Jeff wasn’t well known going into UConn because Robinson Prep School didn’t get a lot of press. “I had to gain recognition. My work was cut out for me,” he said. Jeff’s coaches and teammates helped him to get grounded his freshman year and it was a huge adjustment. He had been told he’d be backing up John Thomas who had bad knees. After watching John play, Jeff knew that John’s knees were not going to keep him from playing every game. Jeff had to work hard to work his way into the starting line up. “I played as hard as I could during practice, good defense and grabbing as many rebounds as I could and by the third game, I was in the starting lineup.”

During his freshman year the team went to the National Collegiate Athletic Association Sweet 16. “We played Hofstra our first game. It was my best game ever; I had 17 points and 15 rebounds. Towards the end of the game I was called for a foul. I jumped in the air, the referee called a technical foul on me. I thought I blew the game. We went to overtime and someone fouled me at the very end of overtime. I made the foul shot and the game was over, we won. I was now recognized as a real player by my teammates.”

His sophomore year was an okay season but they didn’t make it to the NCAA Tournament. Then Coach Rowe retired. The assistant coach, Dom Perno, took over and they had a losing season. It was the first losing experience Jeff ever had. His junior year was a bit better and in his senior year, there were high expectations with a new good freshman class coming in and some experienced seniors, but the first game one of the seniors got hurt and was out for the season. They made it to the NCAA Tournament but had to play a real tough team. They played a good game but just didn’t win. Jeff stayed another year to finish some credits he needed to graduate with a degree in Sociology and was a graduate assistant for the team.

Jeff said that the coach’s job is really tough. Trying to get the kids to listen and accept their role, trying to keep the kids grounded, out of trouble and all the kids have egos from being the big fish, superstars in high school. The kids aren’t thinking about what it takes to win, they are thinking about themselves. All of this makes a coach’s job that much more difficult.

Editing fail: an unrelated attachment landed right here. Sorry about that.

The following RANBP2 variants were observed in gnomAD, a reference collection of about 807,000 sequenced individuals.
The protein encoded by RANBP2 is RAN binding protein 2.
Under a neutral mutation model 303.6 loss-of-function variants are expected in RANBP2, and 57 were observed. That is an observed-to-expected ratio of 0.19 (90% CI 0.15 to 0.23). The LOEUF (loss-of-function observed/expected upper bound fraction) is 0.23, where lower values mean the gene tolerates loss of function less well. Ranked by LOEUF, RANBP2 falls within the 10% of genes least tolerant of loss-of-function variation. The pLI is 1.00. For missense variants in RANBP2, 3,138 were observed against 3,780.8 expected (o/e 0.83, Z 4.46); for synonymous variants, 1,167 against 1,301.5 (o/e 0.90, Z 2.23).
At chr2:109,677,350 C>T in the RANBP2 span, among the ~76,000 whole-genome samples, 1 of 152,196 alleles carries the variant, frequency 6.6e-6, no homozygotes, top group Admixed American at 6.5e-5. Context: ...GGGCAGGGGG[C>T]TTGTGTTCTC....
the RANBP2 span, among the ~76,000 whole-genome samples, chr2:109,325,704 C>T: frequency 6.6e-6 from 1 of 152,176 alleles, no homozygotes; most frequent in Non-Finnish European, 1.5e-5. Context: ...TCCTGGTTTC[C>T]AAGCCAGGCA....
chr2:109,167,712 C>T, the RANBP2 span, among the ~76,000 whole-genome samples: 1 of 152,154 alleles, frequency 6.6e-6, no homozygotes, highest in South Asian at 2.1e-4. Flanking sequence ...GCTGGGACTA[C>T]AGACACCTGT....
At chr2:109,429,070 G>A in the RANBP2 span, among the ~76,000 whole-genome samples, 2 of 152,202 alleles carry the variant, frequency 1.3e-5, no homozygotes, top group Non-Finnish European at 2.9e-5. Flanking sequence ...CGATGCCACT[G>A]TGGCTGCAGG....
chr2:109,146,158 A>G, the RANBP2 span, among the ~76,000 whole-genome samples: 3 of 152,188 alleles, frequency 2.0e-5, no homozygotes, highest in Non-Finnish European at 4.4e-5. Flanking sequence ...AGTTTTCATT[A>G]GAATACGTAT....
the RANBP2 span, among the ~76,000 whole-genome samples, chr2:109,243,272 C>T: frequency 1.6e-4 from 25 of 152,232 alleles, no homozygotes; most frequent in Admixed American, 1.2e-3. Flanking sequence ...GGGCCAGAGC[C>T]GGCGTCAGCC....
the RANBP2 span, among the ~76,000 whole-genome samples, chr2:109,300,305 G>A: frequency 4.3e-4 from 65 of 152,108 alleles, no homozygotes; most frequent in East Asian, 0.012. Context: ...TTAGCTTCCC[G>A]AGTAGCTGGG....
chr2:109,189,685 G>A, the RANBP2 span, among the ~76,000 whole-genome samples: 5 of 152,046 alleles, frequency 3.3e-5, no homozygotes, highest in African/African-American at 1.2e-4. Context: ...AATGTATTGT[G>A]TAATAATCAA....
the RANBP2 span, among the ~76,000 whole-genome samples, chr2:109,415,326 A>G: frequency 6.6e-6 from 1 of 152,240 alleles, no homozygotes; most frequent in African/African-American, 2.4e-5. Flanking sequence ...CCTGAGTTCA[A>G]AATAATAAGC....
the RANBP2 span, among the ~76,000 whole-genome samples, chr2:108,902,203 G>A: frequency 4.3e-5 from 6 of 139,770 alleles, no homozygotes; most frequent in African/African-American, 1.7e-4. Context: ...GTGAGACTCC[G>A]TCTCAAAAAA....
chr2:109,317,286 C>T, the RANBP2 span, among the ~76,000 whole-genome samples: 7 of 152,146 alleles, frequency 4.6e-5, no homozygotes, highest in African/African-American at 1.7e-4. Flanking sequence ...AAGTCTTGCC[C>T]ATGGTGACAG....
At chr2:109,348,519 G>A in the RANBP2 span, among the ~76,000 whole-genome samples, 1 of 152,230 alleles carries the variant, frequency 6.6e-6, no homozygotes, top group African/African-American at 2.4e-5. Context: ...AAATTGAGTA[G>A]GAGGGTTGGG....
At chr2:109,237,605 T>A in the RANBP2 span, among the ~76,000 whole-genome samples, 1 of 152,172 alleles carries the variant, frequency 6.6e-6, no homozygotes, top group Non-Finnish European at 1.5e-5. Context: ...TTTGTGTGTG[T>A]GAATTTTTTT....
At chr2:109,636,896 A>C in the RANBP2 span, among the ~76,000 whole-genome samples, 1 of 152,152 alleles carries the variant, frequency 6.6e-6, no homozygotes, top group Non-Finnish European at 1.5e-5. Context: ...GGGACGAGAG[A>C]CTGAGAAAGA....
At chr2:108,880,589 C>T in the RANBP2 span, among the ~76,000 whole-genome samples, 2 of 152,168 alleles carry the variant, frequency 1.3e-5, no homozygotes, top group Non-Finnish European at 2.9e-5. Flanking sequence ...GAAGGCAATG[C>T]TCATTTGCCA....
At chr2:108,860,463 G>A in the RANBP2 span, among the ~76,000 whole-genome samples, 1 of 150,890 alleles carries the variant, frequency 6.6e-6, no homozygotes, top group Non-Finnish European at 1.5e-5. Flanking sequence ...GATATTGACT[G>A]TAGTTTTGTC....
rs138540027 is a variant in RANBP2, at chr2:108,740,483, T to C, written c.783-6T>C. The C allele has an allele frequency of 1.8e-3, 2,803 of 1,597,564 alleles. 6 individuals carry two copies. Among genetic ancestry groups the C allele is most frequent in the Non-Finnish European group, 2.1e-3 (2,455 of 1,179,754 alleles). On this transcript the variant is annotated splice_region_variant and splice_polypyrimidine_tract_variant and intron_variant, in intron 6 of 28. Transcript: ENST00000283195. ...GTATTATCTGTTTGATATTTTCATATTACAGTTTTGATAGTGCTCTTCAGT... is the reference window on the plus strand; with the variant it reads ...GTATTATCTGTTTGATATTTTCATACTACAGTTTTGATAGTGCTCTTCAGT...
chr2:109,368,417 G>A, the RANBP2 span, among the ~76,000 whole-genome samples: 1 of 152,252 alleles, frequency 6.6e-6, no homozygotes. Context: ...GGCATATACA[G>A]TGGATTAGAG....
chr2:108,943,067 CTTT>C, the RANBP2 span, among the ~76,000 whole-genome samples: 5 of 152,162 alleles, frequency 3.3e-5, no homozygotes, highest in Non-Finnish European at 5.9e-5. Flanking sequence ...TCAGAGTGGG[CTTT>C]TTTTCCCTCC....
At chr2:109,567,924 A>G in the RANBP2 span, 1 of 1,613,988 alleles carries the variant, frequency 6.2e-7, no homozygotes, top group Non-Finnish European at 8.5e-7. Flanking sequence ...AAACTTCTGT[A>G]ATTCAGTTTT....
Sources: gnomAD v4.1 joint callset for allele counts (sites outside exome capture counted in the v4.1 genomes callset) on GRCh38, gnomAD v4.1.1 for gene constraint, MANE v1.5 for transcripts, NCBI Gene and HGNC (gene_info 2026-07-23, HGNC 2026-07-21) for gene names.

Jeff thinks that Coach Calhoun does a good job of keeping kids under control. He said that Dee Rowe used to tell the kids that they are representing the University, their families, themselves and the fans, and it’s not about representing only themselves. “I brought the lesson Dee taught us into my personal life,” he said.

The following summer Jeff was introduced to an agent who brought him to New Jersey for a tryout for the National Basketball Association. Jeff didn’t make the team. It was suggested he go out of the country for a tryout to make a team. Jeff said, “What do you mean a tryout? They don’t know if they want me?” He said forget it, he’ll just go to work like everybody else. He wanted to stay home and play in leagues around Connecticut, and he still does.

Jeff worked for three years at Mansfield Training Center as a counselor. He left there and became a driver and sales person for Coca Cola. Then he went to Long Lane School in Middletown, where he had completed an internship while a junior in college. He took a social workers’ exam and had his name put on a list waiting for a job in that field of work. While waiting for a job, he continued to work at Long Lane for ten months as a youth services officer then he got the call from a parole officer who told Jeff there was a job available for him. He came back to Hartford to work as a parole officer and has been there ever since, for fifteen years in Hartford where he grew up. He said there is never a dull moment. “Kids who are on probation are my responsibility. They are committed to us for having committed crimes from something as simple as truancy to killing people. We put them in residential placement and then we put them into community programs. Then we supervise them in the community.”

Jeff spent time as an assistant basketball coach at Trinity College, a Division III school, for eight years during the 1990’s. He also has coached a neighborhood travel team; Marcus Camby, an NBA player with the Denver Nuggets, was on one of Jeff’s teams.

He now lives in Bloomfield with his wife, Beverly, his step son, Bryant, who is in his third year at Northwest Catholic School and his son, J C (Jeff’s initials), who is 11 years old and currently enjoys playing soccer instead of basketball, but he’s already 5 feet tall and wears a size 9 sneaker, so maybe basketball will come later.

Jeff continues to watch all the UConn games and he’s dedicated to the school. “I will appreciate the education and what UConn did for me for the rest of my life. Playing basketball affected my whole entire life so I appreciate that. I don’t know what might have happened to me if I didn’t go there and play basketball.”

Jeff’s thoughts on the current UConn team making it to the Final Four in 2004 are that since they got to the Sweet 16 last year, they should be in the Final Four this year. They have brought in some better players and he has confidence in them. He says it should happen.

Jeff’s thoughts on how things have changed over the years from when he was there are that the expectations are different from his time. His team was expected with CT players to win the Eastern College Athletic Conference and make the NCAA, not win it. Now expectations are to go to the Final Four. “Connecticut fans are serious and I decided to take my basketball serious too.”